World’s Last Male Northern White Rhino Is Now On Tinder

What a catch! The last male northern white rhino in the world. Lengai101/Wikimedia Commons

It’s tough in the dating world if you’re six feet tall, 43 years old, and around 2,270 kilograms (5,000 pounds) with tufts of ear hair. But, like many, Sudan – the last male northern white rhino – just wants to find a mate

"No seriously, I'm the last male white rhino on planet earth," his profile reads. "I don't mean to be too forward, but the fate of my species literally depends on me. I perform well under pressure."

Err right, but what kind of dinner date companion would you be? "I like to eat grass and chill in the mud. No problems."

The campaign, dubbed "The Most Eligible Bachelor in the World", is placing Sudan on Tinder, with a swipe right taking users to a donation page. The campaign hopes to raise awareness and money for white rhino fertility treatments, as mating naturally has not gone well – his age has made the act too difficult.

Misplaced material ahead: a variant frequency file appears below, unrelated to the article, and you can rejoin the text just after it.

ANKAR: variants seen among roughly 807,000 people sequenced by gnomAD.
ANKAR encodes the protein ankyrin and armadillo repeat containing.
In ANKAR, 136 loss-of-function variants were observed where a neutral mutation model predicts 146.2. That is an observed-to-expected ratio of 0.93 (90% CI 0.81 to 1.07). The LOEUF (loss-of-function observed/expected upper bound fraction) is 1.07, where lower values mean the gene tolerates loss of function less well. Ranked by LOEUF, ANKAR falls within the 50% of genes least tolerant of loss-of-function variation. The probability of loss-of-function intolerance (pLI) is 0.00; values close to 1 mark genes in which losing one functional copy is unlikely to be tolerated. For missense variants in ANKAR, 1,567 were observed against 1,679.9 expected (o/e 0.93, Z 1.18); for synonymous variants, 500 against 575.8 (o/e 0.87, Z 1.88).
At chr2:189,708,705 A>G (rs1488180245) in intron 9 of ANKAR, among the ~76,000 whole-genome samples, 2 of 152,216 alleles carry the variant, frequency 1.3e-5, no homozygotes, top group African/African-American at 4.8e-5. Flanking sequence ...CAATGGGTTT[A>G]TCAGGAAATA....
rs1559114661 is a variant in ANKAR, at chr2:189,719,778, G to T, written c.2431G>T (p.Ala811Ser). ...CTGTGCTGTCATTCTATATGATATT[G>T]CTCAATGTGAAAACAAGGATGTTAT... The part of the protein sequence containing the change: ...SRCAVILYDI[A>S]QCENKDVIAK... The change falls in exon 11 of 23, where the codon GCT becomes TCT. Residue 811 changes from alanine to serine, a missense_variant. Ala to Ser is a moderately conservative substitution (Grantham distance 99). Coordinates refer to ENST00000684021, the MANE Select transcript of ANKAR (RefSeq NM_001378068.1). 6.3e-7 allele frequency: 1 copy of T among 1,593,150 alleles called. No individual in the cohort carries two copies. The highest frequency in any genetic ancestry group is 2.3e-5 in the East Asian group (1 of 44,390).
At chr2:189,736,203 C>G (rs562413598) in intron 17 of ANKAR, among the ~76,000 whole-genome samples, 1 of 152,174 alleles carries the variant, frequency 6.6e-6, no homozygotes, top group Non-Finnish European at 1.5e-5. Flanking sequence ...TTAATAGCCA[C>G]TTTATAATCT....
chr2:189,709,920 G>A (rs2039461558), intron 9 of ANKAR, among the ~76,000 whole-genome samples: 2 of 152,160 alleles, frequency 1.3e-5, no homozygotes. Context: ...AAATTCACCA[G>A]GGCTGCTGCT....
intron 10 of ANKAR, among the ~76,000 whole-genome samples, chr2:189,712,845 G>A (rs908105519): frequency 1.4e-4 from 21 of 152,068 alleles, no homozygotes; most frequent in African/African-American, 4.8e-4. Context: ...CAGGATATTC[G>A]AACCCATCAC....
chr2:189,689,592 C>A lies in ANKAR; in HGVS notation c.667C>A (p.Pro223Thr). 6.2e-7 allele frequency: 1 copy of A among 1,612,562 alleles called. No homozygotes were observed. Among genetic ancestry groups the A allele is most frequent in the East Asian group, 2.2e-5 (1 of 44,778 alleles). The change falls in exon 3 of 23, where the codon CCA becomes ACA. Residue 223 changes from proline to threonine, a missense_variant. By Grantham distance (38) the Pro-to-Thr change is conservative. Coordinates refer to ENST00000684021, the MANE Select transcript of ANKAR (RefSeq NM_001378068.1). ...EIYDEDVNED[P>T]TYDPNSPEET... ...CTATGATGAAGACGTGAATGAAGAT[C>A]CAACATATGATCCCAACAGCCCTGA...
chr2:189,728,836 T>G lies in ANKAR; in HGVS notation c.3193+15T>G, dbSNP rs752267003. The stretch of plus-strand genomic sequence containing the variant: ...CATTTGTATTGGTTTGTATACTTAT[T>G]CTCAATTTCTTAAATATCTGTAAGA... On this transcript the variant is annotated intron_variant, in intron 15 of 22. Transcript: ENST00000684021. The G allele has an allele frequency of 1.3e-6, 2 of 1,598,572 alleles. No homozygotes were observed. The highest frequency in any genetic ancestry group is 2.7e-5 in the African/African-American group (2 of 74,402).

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Image via Imgur

If around $9 million is received, the researchers will try to use Sudan's sperm to fertilize an egg from 17-year-old Fatu or 27-year-old Najin – two of the last female northern white rhinos.

There is also the possibility of in vitro fertilization of a southern white rhino, of which there are thousands more. Of course, this would not result in a northern white rhino. 

Yet there is another suggestion: Implant the fertilized embryo from Satu or Najin into that of a surrogate southern white rhino. That idea, however, is not confirmed as “consultations are ongoing amongst different reproductive technique experts on the way forward,” George Paul, deputy veterinarian at the conservancy where Sudan resides, said to CNN

Sudan’s profile will be seen on Tinder in 190 countries and over 40 languages. He currently lives at the Ol Pejeta Conservancy in Kenya and is protected 24-hours a day by armed guards, due to poachers targeting rhinos like him for their horns. 

"The plight that currently faces the northern white rhinos is a signal to the impact that humankind is having on many thousands of other species across the planet," said Richard Vigne, the conservancy's chief executive officer, in a statement. "Ultimately, the aim will be to reintroduce a viable population of northern white rhino back into the wild, which is where their true value will be realized."

If Sudan the rhino sounds like a match, swipe right and donate to the cause.

 

 

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